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In today’s social climate, workplace personality tests have become mainstream, both as part of the hiring process and as a general human resource tool. The reason they are beneficial to anyone working in a team environment is that they are a great indicator of how well a person will be receptive to any sort of communication, whether it’s feedback, criticism, or seemingly benign casual conversation. Knowing the personality traits of your coworkers is instrumental in being able to work cohesively as a well-functioning team.

One of the most highly regarded and well-known tests is known as the Myers-Briggs Type Indicator (MBTI). This test is based on the practices of Carl Jung, a Swiss psychiatrist who founded analytical psychology. He was fascinated by the concept of introvert vs. extrovert personalities, peoples’ behavioral patterns, and the power of the unconscious mind. He felt that people’s actions aren’t as random as they might appear. Rather, he believed we all show a pattern of tendencies that can be measured in gradients. One of his determinants looked at Perception (how we take in information) vs. Judgment (how we organize that information to form conclusions). While it’s true that everyone exhibits both of these behaviors, people tend to demonstrate one more strongly than the other. Another factor Jung examined closely was the idea of Extraversion vs. Introversion, showing whether a person is stimulated more by external or internal forces.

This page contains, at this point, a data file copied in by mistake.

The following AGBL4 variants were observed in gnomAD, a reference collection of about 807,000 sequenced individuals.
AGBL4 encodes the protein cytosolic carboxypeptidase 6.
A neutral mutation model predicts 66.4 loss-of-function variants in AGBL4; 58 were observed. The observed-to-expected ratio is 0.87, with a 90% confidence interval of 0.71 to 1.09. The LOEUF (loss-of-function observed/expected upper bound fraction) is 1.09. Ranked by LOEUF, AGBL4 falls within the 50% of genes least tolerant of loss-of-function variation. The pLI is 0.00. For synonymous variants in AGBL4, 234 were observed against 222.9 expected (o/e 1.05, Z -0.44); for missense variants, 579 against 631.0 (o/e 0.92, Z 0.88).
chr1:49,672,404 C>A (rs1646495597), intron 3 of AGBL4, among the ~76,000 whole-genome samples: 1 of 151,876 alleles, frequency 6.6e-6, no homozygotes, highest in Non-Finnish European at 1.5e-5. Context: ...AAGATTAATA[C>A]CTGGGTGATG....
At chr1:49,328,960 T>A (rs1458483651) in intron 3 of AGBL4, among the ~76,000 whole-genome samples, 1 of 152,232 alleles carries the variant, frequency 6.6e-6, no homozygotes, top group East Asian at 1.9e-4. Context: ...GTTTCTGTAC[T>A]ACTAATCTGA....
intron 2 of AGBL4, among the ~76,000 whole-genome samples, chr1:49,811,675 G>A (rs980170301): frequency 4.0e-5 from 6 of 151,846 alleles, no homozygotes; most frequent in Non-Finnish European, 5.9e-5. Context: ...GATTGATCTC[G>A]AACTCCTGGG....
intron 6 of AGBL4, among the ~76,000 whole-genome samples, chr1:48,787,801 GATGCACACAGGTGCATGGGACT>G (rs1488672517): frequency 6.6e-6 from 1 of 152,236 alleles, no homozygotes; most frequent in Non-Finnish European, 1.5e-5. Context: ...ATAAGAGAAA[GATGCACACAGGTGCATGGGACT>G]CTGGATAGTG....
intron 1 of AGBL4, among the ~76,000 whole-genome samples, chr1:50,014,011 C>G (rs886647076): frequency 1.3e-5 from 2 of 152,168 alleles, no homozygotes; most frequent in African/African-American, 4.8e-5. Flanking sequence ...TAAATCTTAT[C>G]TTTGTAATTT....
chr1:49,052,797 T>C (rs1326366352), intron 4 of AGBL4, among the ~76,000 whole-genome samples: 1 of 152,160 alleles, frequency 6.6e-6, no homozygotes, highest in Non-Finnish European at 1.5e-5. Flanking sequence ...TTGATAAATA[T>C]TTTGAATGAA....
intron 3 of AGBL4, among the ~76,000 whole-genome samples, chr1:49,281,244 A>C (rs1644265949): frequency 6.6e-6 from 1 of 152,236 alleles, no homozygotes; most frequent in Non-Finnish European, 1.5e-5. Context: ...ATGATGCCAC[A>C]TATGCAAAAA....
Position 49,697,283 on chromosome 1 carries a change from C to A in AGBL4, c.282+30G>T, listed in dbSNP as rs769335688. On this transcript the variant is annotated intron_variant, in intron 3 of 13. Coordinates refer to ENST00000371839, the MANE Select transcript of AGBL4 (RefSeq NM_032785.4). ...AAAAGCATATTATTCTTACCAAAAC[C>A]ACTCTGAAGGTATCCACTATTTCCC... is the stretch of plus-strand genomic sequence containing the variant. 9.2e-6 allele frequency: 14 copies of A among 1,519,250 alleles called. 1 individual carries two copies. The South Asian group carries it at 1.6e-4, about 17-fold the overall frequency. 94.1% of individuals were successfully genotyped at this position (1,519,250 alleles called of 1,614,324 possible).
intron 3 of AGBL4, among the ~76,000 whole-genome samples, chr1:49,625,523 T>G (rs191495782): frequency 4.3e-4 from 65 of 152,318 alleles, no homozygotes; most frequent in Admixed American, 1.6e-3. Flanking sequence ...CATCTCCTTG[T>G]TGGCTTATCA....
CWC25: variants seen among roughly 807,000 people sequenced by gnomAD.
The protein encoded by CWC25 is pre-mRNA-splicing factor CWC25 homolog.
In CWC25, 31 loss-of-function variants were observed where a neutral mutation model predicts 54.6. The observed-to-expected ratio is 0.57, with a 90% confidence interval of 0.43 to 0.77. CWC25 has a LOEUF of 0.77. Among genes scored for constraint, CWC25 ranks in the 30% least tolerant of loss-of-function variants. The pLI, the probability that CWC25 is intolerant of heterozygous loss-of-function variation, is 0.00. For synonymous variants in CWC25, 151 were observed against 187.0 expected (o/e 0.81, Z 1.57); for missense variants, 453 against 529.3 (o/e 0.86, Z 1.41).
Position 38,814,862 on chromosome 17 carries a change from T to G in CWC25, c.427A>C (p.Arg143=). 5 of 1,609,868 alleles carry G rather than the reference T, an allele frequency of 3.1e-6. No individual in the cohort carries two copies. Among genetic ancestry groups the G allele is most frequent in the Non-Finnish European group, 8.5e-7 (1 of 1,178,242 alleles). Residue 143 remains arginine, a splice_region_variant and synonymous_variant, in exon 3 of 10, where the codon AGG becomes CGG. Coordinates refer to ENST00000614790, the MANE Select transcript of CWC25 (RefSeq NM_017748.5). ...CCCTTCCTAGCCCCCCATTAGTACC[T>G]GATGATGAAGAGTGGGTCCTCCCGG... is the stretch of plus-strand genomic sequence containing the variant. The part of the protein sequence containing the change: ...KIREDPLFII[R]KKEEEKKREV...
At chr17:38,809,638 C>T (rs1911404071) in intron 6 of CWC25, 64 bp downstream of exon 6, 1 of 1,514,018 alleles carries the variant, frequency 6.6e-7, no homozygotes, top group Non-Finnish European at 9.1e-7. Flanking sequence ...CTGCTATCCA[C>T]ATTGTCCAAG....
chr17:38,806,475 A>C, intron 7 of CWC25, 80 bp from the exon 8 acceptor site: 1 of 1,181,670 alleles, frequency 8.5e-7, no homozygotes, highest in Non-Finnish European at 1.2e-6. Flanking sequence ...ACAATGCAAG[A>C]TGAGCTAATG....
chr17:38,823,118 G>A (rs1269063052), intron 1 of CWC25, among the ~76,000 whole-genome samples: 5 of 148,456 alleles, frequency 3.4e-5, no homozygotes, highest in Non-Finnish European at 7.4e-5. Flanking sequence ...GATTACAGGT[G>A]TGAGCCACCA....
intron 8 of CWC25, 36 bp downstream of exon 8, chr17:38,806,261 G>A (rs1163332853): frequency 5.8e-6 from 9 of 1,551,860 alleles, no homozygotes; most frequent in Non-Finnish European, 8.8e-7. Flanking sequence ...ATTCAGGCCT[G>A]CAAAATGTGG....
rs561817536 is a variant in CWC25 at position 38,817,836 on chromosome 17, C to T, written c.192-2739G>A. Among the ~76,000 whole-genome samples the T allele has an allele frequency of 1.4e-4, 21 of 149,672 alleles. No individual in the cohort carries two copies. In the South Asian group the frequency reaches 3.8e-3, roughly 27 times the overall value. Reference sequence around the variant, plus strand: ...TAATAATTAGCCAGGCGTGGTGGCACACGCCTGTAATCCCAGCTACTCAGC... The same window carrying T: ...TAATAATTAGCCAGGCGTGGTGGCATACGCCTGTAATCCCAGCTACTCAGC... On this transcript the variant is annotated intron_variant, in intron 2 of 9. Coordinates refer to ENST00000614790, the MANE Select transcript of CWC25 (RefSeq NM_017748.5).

Examining a total of four traits, each with two options, he came up with the 16 distinct psychological types that we use today. The results appear in four-letter acronyms to symbolize the preferences of each quadrant. A person with an INTJ score, for example, is someone who is Introverted, Intuitive, Thinking, and Judging. These people are known for being highly creative, yet also extremely logical and analytical, which is a rare combination. This type covers only about 1-4% of the population and is more commonly referred to as the “Strategist” or the “Architect”.

Being introverted means that INTJ’s might have a hard time working with others. They prefer to be alone. When it comes to taking in information, they see the big picture and like to look at problem-solving in an abstract way, not in a narrow-minded, concrete method. When tasked with making decisions, they will follow their head, not their heart. They are more left-brained and tend to seek out truth and facts instead of getting emotional. For better or worse, they have high expectations of themselves and others. They are known as dedicated workhorses and have a strong sense of self-confidence which means they seek to improve and take criticism well, but that also means they expect perfection from those around them and tend to judge people and overthink things. They are great listeners, but they might inadvertently offend someone because of a lack of sensitivity. In their social lives, they respect rules and boundaries and like to have firm plans in place ahead of time. This means they aren’t good at spontaneity.

Careers best suited for an INTJ type would be ones that focus on the analytical, such as doctors, judges, lawyers, scientists, mathematicians or engineers.